Soon-to-be graduates fill teaching vacancies at MDCPS

Mariela Lanz (right), an elementary education major, was the first student to receive and accept a job offer at the Miami-Dade County Public Schools job fair held Nov. 19 at FIU. Here, Lanz chats with her new supervisor, Amrita Prakash, principal of Poinciana Park Elementary.

For roughly 40 seniors majoring in education at FIU, a recent job fair offered them the chance to land their dream job weeks before they’ve graduated.

“It’s very exciting, it’s a dream come true,” said Mariela Lanz, 22, an elementary education major who was the first student to receive and accept a job offer at the hiring fair. “This is always what I’ve wanted to do.”

Principals from 40 of Miami-Dade County Public Schools’ (MDCPS) elementary, middle, senior high schools and K-8 centers filled FIU’s Stadium Club on Nov. 19 looking to fill vacancies at their schools.

This hands-on approach was a marked departure from the typical information sessions the school district used to market itself to education graduates.

Instead of helping graduates understand the process for finding teacher vacancies and applying for open positions, district leaders worked with the College of Education to help fill vacancies immediately.

“Our principals are always asking for FIU graduates because they are tried and true,” said Ana Flores, a senior recruiter at MDCPS. “We know teachers are eager to get started and this year we wanted to be more proactive.”

The proactive effort to hire FIU students came about during a meeting with College of Education Dean Delia C. Garcia and Jose L. Dotres, MDCPS’s deputy chief of human capital.

“We agreed we needed to put a plan in place so our student teachers could gain immediate employment with the district,” Garcia said. “We were thinking out of the box as much as possible.”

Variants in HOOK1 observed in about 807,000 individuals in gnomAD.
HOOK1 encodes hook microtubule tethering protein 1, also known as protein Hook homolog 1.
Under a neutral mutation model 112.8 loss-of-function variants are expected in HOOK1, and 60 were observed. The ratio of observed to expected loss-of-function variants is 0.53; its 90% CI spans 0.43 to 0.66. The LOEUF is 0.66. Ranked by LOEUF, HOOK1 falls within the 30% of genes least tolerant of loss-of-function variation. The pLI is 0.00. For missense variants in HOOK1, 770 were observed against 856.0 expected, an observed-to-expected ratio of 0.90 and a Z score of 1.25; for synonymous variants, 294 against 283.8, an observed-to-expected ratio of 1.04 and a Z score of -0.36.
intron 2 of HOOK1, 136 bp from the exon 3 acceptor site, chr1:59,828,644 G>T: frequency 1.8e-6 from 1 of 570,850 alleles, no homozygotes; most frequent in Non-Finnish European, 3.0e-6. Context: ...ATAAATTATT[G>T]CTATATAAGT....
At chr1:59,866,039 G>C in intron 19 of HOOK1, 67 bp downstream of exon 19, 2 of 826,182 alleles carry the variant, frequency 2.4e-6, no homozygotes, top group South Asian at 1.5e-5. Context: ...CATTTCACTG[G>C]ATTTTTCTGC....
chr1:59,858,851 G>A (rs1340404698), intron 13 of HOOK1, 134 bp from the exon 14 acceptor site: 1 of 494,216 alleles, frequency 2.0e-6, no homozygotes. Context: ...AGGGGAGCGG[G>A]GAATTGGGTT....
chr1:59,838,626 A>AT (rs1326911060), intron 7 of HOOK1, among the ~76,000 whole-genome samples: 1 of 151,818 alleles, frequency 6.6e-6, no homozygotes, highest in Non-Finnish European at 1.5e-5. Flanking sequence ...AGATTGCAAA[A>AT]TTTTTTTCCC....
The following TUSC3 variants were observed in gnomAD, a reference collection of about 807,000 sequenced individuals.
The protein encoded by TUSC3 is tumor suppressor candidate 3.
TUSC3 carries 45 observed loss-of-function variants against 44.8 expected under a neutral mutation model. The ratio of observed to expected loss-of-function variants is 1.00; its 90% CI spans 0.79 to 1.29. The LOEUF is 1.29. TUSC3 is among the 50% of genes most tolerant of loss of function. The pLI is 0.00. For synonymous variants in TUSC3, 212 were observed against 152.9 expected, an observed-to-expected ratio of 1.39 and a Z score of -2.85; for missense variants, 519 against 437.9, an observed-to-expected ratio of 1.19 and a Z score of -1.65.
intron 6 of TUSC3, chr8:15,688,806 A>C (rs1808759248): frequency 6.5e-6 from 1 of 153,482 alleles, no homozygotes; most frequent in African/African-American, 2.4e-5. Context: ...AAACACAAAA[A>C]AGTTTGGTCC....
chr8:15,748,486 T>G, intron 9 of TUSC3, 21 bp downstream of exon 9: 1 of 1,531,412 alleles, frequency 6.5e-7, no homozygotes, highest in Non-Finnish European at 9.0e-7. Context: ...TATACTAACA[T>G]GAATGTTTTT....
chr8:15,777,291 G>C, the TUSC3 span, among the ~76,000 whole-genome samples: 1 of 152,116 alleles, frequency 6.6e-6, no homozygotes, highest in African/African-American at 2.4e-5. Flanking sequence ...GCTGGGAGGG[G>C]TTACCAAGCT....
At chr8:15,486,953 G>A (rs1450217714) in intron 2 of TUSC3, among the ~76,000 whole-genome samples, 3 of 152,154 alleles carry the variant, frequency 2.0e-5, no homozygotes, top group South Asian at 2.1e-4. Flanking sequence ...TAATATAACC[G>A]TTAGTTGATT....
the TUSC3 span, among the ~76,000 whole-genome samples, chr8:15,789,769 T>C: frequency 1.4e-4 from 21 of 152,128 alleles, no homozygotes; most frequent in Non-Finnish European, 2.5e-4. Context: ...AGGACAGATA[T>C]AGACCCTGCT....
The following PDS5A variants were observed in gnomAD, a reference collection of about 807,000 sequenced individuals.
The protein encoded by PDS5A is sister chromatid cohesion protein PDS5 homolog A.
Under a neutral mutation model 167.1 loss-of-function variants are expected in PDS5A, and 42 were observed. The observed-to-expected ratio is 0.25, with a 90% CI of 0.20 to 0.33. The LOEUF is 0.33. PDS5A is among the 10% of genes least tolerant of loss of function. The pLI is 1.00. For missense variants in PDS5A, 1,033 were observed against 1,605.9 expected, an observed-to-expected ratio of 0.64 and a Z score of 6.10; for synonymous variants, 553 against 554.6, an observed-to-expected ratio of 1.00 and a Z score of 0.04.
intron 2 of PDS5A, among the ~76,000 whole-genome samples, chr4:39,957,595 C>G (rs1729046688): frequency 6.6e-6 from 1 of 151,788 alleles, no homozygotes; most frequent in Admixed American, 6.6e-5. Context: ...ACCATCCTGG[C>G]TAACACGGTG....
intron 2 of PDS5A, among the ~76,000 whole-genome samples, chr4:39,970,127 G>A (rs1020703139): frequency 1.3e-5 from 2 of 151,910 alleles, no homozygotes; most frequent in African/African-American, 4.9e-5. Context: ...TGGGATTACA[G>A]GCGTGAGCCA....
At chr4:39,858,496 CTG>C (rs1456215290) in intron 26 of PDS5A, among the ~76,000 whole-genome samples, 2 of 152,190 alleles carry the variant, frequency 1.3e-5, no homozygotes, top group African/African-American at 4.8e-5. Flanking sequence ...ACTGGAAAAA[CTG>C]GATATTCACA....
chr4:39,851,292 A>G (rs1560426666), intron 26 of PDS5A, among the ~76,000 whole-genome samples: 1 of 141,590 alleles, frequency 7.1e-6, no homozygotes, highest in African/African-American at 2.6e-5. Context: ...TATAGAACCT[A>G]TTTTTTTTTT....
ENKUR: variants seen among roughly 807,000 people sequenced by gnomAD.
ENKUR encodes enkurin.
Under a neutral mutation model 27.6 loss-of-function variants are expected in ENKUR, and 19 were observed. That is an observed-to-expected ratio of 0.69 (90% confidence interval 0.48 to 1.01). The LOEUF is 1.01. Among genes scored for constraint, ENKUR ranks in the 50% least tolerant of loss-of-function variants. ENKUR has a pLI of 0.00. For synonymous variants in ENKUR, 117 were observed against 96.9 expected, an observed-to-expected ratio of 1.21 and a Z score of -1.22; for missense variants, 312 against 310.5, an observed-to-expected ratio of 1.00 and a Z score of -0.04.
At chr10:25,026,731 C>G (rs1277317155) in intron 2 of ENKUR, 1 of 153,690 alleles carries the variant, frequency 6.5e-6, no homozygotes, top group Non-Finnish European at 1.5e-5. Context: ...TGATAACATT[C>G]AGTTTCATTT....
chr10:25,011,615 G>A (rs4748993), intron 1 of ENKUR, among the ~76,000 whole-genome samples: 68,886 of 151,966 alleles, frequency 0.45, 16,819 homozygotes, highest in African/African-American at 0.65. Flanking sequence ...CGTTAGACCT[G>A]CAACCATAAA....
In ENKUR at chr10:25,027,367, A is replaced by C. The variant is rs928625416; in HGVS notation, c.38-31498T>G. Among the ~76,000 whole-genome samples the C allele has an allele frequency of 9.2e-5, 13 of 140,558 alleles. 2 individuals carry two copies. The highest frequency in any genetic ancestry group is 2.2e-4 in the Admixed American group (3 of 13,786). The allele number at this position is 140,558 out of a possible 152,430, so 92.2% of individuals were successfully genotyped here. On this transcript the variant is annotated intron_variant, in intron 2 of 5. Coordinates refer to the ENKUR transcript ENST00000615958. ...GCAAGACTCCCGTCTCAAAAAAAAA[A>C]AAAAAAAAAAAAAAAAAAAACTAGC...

College of Education Dean Delia C. Garcia meets with Miami-Dade County Public Schools principals during a recent job fair at FIU.

College of Education Dean Delia C. Garcia meets with MDCPS principals during a recent job fair at FIU.

As an added benefit for students who were hired, Garcia said that at the end of the school year, they will be credited for having worked a full year, which will help them accrue benefits and pay raises faster.

Some students like special education major Jorge Iglesias, 22, fielded several job offers from K-8 centers, elementary and middle schools.

“It’s been fantastic,” Iglesias said. “There’s a need for special education teachers and I felt that today. I’m going to take a bit of time to sit back and think about my opportunities.”

Others, like Lanz and Annette Moses signed teaching contracts on the spot.

They were among the many students who completed hiring paperwork on site and will report to their schools in December as temporary instructors. They will officially become full-time teachers in a few weeks, once FIU verifies they have met graduation requirements.

Jorge Iglesias, a special education major, is considering job offers from three MDCPS schools.

Jorge Iglesias, a special education major, fills out MDCPS employment paperwork. He is considering job offers from three principals.

Principals also invited many of their classmates to tour their schools, which could lead to more vacancies being filled.

Moses will teach fourth graders at Lillie C. Evans K-8 Center near Miami’s West Little River neighborhood.

“I feel nervous and excited,” she said. “You want to get in the classroom and you want to do things your way. I know it’s going to be a lot of work but I want to do my best and show that I can do this.”

Lanz will return to nearby Poinciana Park Elementary, where she was wrapping up her student teaching assignment.

“There were two openings and I picked the classroom right next to my internship teacher,” Lanz said. “I chose second grade because they haven’t had a teacher for a couple of weeks already and I felt like they needed someone the most because they need to learn the content most to move on to third grade, which is a crucial year because they’ll be taking the FSA.

“I made my decision based on the children – I always put them first,” she added.

For some principals, extending offers on the spot was an easy decision.

“I don’t need good teachers anymore because I have a lot of good teachers – I need teachers who are extraordinary,” said Amrita Prakash, Poinciana Park Elementary’s school principal. “With FIU graduates, I can almost guarantee success. I always see that they come out of the blocks ready to go. They’re the first ones to know the best strategies that work for my kids, the latest technology and the latest techniques.”

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